The management of all types of information is emerging as a major growth industry worldwide and India is well poised to become a global leader in these fields. Increasing demand for education within the country and worldwide will create tremendous demand for qualified teachers with adequate language skills. Increasing demand for health services will create even greater demand around the globe. Already nurses and medical technicians are in short supply. The USA has a doctor-nurse ratio at least twice that of India. Yet the US currently faces a shortfall of 117,000 nurses, which is more than three times India's total annual production of new nurses. Physicians, nurses, medical technicians and other scientific occupations will become growth industries to rival the IT sector within the next decade.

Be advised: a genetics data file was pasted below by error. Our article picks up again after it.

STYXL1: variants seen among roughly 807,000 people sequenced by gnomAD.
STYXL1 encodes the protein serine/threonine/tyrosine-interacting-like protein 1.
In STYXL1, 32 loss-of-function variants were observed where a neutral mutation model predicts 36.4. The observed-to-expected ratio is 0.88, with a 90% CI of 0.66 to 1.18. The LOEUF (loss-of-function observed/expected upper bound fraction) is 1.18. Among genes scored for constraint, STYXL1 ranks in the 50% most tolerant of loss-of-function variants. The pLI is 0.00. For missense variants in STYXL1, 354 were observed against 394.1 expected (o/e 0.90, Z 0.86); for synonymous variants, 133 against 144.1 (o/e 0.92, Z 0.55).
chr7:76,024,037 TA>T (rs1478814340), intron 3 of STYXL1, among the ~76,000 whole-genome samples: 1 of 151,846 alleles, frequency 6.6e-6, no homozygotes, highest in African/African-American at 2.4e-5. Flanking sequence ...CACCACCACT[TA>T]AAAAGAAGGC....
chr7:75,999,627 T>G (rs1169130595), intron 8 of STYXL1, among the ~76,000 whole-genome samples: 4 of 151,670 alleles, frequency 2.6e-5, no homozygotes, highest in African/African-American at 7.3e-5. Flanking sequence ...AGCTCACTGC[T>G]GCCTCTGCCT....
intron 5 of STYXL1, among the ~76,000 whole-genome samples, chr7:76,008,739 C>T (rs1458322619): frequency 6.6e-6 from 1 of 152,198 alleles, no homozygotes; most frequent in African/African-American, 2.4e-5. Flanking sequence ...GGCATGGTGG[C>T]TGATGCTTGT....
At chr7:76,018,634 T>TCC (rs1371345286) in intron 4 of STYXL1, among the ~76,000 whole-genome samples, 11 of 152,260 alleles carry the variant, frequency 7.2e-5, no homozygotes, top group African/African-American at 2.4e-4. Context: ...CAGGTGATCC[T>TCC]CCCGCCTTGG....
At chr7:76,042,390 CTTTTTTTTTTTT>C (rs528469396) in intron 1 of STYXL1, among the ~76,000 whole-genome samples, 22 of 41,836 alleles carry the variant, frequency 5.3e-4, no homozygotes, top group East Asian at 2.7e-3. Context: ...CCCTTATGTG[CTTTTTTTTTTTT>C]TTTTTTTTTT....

Public Policies

What can India do to avail of these emerging opportunities? Foremost priority must be given to education of all types and at all levels. It should now be abundantly clear that India's vast population can be converted into a tremendous development asset by equipping all its people with the requisite knowledge and skills. Whatever the country may be lacking, intellectual capacity is not among those deficiencies. But development of that native capacity to its full potential will require an enormous commitment and effort by the entire society. India's leaders need the clarity and far sight of vision to see that knowledge in all its forms offers a key to the country's emergence as an economic superpower.

Among the most critical policy issues will be those relating to formal education and the development of the electronic media as instruments of education.

Investment in Education